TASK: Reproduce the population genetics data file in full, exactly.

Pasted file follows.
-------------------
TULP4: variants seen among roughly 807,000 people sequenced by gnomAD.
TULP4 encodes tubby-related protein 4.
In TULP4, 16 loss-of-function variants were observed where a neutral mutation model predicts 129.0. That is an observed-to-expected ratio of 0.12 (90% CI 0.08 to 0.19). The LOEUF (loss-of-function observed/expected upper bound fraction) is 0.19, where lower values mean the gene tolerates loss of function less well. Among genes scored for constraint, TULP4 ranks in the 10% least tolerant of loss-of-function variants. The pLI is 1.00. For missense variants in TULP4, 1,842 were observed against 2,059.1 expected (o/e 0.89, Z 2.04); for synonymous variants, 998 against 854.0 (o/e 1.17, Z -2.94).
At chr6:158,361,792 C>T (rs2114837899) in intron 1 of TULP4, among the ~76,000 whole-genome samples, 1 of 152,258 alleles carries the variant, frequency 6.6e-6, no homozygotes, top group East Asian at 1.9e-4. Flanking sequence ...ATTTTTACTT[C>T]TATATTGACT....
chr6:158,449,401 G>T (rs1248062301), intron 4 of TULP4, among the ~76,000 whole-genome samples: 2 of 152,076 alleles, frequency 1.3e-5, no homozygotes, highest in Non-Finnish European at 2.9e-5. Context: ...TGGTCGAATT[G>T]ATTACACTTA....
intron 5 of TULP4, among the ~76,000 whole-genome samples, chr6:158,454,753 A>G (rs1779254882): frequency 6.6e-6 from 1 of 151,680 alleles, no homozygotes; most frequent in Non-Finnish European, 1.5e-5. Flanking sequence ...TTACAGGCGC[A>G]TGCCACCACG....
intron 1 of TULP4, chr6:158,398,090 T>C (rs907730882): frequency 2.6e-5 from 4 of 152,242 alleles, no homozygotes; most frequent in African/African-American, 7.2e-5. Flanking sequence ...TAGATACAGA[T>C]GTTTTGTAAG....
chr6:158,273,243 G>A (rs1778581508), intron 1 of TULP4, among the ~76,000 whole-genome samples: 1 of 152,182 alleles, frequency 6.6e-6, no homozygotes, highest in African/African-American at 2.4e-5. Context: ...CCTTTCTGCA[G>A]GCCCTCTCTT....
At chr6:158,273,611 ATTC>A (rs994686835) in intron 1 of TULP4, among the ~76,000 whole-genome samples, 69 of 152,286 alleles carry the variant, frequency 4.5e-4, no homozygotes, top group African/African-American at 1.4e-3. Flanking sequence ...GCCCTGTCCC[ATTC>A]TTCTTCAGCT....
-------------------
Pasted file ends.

TULP4: variants seen among roughly 807,000 people sequenced by gnomAD.
TULP4 encodes tubby-related protein 4.
In TULP4, 16 loss-of-function variants were observed where a neutral mutation model predicts 129.0. That is an observed-to-expected ratio of 0.12 (90% CI 0.08 to 0.19). The LOEUF (loss-of-function observed/expected upper bound fraction) is 0.19, where lower values mean the gene tolerates loss of function less well. Among genes scored for constraint, TULP4 ranks in the 10% least tolerant of loss-of-function variants. The pLI is 1.00. For missense variants in TULP4, 1,842 were observed against 2,059.1 expected (o/e 0.89, Z 2.04); for synonymous variants, 998 against 854.0 (o/e 1.17, Z -2.94).
At chr6:158,361,792 C>T (rs2114837899) in intron 1 of TULP4, among the ~76,000 whole-genome samples, 1 of 152,258 alleles carries the variant, frequency 6.6e-6, no homozygotes, top group East Asian at 1.9e-4. Flanking sequence ...ATTTTTACTT[C>T]TATATTGACT....
chr6:158,449,401 G>T (rs1248062301), intron 4 of TULP4, among the ~76,000 whole-genome samples: 2 of 152,076 alleles, frequency 1.3e-5, no homozygotes, highest in Non-Finnish European at 2.9e-5. Context: ...TGGTCGAATT[G>T]ATTACACTTA....
intron 5 of TULP4, among the ~76,000 whole-genome samples, chr6:158,454,753 A>G (rs1779254882): frequency 6.6e-6 from 1 of 151,680 alleles, no homozygotes; most frequent in Non-Finnish European, 1.5e-5. Flanking sequence ...TTACAGGCGC[A>G]TGCCACCACG....
intron 1 of TULP4, chr6:158,398,090 T>C (rs907730882): frequency 2.6e-5 from 4 of 152,242 alleles, no homozygotes; most frequent in African/African-American, 7.2e-5. Flanking sequence ...TAGATACAGA[T>C]GTTTTGTAAG....
chr6:158,273,243 G>A (rs1778581508), intron 1 of TULP4, among the ~76,000 whole-genome samples: 1 of 152,182 alleles, frequency 6.6e-6, no homozygotes, highest in African/African-American at 2.4e-5. Context: ...CCTTTCTGCA[G>A]GCCCTCTCTT....
At chr6:158,273,611 ATTC>A (rs994686835) in intron 1 of TULP4, among the ~76,000 whole-genome samples, 69 of 152,286 alleles carry the variant, frequency 4.5e-4, no homozygotes, top group African/African-American at 1.4e-3. Flanking sequence ...GCCCTGTCCC[ATTC>A]TTCTTCAGCT....